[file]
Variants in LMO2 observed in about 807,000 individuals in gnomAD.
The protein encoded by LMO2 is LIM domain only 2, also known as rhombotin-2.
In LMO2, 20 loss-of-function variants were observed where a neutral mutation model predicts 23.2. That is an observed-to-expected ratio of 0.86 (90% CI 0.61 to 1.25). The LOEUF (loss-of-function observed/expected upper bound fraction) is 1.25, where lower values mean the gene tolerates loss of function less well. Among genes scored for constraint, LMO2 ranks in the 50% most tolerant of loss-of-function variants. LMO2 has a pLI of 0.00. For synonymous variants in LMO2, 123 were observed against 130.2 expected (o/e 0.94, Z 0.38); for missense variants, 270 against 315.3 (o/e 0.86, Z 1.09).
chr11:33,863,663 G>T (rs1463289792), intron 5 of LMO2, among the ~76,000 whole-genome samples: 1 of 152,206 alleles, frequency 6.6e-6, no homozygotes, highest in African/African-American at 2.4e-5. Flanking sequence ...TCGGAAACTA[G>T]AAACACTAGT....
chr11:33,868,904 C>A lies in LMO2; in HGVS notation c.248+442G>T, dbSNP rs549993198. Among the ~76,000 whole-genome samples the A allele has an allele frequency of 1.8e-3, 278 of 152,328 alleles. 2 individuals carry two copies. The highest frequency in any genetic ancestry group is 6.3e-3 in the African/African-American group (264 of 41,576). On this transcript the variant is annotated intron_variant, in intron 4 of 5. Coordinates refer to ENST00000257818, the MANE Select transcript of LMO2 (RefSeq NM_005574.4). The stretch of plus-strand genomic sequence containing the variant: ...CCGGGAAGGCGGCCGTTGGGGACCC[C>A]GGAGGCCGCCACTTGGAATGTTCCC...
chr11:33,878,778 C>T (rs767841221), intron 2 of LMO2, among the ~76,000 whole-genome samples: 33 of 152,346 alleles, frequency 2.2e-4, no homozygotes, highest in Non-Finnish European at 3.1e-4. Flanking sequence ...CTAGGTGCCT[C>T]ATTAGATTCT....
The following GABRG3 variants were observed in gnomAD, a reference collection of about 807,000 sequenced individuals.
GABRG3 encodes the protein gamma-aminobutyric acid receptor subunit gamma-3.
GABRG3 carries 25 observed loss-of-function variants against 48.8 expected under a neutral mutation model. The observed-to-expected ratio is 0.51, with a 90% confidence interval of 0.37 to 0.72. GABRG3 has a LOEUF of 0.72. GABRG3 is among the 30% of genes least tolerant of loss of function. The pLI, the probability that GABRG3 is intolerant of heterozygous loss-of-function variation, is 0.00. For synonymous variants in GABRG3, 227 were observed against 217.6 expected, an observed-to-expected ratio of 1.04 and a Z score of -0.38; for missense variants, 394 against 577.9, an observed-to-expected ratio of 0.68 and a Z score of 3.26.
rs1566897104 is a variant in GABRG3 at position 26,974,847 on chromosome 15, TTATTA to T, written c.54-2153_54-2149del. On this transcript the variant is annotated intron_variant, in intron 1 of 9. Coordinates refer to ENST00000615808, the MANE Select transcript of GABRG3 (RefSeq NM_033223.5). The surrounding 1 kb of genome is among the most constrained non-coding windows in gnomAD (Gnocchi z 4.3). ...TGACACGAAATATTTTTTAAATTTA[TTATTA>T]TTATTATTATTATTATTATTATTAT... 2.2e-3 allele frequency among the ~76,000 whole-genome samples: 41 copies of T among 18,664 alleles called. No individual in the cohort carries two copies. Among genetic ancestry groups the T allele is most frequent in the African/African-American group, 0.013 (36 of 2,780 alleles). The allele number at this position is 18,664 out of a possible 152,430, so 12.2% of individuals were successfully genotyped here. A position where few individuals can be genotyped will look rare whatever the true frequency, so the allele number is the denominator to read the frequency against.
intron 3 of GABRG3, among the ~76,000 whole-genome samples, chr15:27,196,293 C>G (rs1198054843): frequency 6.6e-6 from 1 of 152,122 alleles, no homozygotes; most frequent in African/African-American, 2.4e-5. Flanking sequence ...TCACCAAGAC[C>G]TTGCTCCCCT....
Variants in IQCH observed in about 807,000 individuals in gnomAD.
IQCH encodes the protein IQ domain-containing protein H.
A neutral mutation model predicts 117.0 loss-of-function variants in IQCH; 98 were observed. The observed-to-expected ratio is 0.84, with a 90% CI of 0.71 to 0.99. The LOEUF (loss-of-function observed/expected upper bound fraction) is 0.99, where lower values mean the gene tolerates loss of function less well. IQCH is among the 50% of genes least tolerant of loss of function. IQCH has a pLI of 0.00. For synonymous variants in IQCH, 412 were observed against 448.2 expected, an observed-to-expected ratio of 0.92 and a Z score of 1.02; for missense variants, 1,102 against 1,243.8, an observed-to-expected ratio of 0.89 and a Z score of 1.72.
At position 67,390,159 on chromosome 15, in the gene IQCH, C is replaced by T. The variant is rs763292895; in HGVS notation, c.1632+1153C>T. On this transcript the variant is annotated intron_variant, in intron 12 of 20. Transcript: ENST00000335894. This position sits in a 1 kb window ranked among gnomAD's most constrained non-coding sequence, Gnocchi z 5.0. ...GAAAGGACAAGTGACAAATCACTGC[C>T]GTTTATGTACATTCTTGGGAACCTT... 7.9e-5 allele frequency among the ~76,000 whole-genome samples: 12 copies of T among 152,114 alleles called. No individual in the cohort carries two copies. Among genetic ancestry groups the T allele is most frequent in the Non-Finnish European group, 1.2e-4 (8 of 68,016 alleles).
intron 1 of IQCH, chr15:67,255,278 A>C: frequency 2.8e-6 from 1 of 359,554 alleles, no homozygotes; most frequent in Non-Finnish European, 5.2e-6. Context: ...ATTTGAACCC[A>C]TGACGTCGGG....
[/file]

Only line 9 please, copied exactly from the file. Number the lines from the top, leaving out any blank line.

GABRG3 carries 25 observed loss-of-function variants against 48.8 expected under a neutral mutation model. The observed-to-expected ratio is 0.51, with a 90% confidence interval of 0.37 to 0.72. GABRG3 has a LOEUF of 0.72. GABRG3 is among the 30% of genes least tolerant of loss of function. The pLI, the probability that GABRG3 is intolerant of heterozygous loss-of-function variation, is 0.00. For synonymous variants in GABRG3, 227 were observed against 217.6 expected, an observed-to-expected ratio of 1.04 and a Z score of -0.38; for missense variants, 394 against 577.9, an observed-to-expected ratio of 0.68 and a Z score of 3.26.